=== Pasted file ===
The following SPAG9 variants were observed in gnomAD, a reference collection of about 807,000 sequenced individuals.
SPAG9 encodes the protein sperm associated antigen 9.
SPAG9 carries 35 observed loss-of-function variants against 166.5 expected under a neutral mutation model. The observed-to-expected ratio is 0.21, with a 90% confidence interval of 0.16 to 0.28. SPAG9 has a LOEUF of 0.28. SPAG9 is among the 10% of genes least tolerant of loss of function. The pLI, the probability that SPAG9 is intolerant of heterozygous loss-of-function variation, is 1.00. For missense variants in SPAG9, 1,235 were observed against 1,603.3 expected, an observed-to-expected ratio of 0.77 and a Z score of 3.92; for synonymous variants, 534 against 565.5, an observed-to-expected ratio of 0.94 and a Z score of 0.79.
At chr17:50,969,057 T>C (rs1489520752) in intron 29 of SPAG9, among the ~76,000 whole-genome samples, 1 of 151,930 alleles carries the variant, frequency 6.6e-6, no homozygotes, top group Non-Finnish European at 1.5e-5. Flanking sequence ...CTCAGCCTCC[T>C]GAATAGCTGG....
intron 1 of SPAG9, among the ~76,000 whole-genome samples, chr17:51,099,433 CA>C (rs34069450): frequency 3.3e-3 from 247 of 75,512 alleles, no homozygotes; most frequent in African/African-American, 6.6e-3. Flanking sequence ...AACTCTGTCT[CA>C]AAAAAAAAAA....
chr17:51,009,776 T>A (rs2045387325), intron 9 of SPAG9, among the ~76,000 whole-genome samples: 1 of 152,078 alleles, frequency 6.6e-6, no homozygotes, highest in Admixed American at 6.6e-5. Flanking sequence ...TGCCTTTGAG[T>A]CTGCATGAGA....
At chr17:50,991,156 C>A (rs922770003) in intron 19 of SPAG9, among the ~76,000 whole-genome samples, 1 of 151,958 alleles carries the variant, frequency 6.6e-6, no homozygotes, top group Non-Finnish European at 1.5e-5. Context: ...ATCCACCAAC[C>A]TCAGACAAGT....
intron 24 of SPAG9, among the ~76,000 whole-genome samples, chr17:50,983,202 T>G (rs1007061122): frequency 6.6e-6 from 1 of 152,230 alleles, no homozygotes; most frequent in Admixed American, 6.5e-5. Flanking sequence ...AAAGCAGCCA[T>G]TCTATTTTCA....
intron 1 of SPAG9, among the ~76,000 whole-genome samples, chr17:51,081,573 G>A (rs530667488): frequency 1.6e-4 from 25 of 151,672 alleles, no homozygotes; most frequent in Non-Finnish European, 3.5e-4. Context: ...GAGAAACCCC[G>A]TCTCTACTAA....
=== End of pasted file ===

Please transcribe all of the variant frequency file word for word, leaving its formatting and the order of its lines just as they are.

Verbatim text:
The following SPAG9 variants were observed in gnomAD, a reference collection of about 807,000 sequenced individuals.
SPAG9 encodes the protein sperm associated antigen 9.
SPAG9 carries 35 observed loss-of-function variants against 166.5 expected under a neutral mutation model. The observed-to-expected ratio is 0.21, with a 90% confidence interval of 0.16 to 0.28. SPAG9 has a LOEUF of 0.28. SPAG9 is among the 10% of genes least tolerant of loss of function. The pLI, the probability that SPAG9 is intolerant of heterozygous loss-of-function variation, is 1.00. For missense variants in SPAG9, 1,235 were observed against 1,603.3 expected, an observed-to-expected ratio of 0.77 and a Z score of 3.92; for synonymous variants, 534 against 565.5, an observed-to-expected ratio of 0.94 and a Z score of 0.79.
At chr17:50,969,057 T>C (rs1489520752) in intron 29 of SPAG9, among the ~76,000 whole-genome samples, 1 of 151,930 alleles carries the variant, frequency 6.6e-6, no homozygotes, top group Non-Finnish European at 1.5e-5. Flanking sequence ...CTCAGCCTCC[T>C]GAATAGCTGG....
intron 1 of SPAG9, among the ~76,000 whole-genome samples, chr17:51,099,433 CA>C (rs34069450): frequency 3.3e-3 from 247 of 75,512 alleles, no homozygotes; most frequent in African/African-American, 6.6e-3. Flanking sequence ...AACTCTGTCT[CA>C]AAAAAAAAAA....
chr17:51,009,776 T>A (rs2045387325), intron 9 of SPAG9, among the ~76,000 whole-genome samples: 1 of 152,078 alleles, frequency 6.6e-6, no homozygotes, highest in Admixed American at 6.6e-5. Flanking sequence ...TGCCTTTGAG[T>A]CTGCATGAGA....
At chr17:50,991,156 C>A (rs922770003) in intron 19 of SPAG9, among the ~76,000 whole-genome samples, 1 of 151,958 alleles carries the variant, frequency 6.6e-6, no homozygotes, top group Non-Finnish European at 1.5e-5. Context: ...ATCCACCAAC[C>A]TCAGACAAGT....
intron 24 of SPAG9, among the ~76,000 whole-genome samples, chr17:50,983,202 T>G (rs1007061122): frequency 6.6e-6 from 1 of 152,230 alleles, no homozygotes; most frequent in Admixed American, 6.5e-5. Flanking sequence ...AAAGCAGCCA[T>G]TCTATTTTCA....
intron 1 of SPAG9, among the ~76,000 whole-genome samples, chr17:51,081,573 G>A (rs530667488): frequency 1.6e-4 from 25 of 151,672 alleles, no homozygotes; most frequent in Non-Finnish European, 3.5e-4. Context: ...GAGAAACCCC[G>A]TCTCTACTAA....